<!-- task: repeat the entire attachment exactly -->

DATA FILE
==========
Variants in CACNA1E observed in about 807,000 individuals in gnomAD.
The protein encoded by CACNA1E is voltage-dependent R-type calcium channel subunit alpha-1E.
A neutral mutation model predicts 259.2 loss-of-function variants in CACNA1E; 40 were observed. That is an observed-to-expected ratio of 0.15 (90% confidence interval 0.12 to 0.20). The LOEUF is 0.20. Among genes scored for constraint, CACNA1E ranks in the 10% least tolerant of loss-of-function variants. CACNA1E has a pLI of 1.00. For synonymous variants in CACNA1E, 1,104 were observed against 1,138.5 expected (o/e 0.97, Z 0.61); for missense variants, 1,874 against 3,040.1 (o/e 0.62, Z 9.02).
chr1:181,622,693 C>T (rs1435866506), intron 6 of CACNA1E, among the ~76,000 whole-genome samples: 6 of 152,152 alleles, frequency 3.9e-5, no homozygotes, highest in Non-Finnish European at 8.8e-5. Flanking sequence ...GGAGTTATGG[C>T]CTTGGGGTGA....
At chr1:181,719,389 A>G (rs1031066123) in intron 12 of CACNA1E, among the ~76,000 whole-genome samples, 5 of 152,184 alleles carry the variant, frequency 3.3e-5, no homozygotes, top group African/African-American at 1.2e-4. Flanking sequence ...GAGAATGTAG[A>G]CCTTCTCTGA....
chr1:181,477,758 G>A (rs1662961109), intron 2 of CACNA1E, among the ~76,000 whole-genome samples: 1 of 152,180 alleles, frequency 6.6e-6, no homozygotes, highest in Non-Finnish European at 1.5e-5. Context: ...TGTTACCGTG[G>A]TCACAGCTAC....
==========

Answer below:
Variants in CACNA1E observed in about 807,000 individuals in gnomAD.
The protein encoded by CACNA1E is voltage-dependent R-type calcium channel subunit alpha-1E.
A neutral mutation model predicts 259.2 loss-of-function variants in CACNA1E; 40 were observed. That is an observed-to-expected ratio of 0.15 (90% confidence interval 0.12 to 0.20). The LOEUF is 0.20. Among genes scored for constraint, CACNA1E ranks in the 10% least tolerant of loss-of-function variants. CACNA1E has a pLI of 1.00. For synonymous variants in CACNA1E, 1,104 were observed against 1,138.5 expected (o/e 0.97, Z 0.61); for missense variants, 1,874 against 3,040.1 (o/e 0.62, Z 9.02).
chr1:181,622,693 C>T (rs1435866506), intron 6 of CACNA1E, among the ~76,000 whole-genome samples: 6 of 152,152 alleles, frequency 3.9e-5, no homozygotes, highest in Non-Finnish European at 8.8e-5. Flanking sequence ...GGAGTTATGG[C>T]CTTGGGGTGA....
At chr1:181,719,389 A>G (rs1031066123) in intron 12 of CACNA1E, among the ~76,000 whole-genome samples, 5 of 152,184 alleles carry the variant, frequency 3.3e-5, no homozygotes, top group African/African-American at 1.2e-4. Flanking sequence ...GAGAATGTAG[A>G]CCTTCTCTGA....
chr1:181,477,758 G>A (rs1662961109), intron 2 of CACNA1E, among the ~76,000 whole-genome samples: 1 of 152,180 alleles, frequency 6.6e-6, no homozygotes, highest in Non-Finnish European at 1.5e-5. Context: ...TGTTACCGTG[G>A]TCACAGCTAC....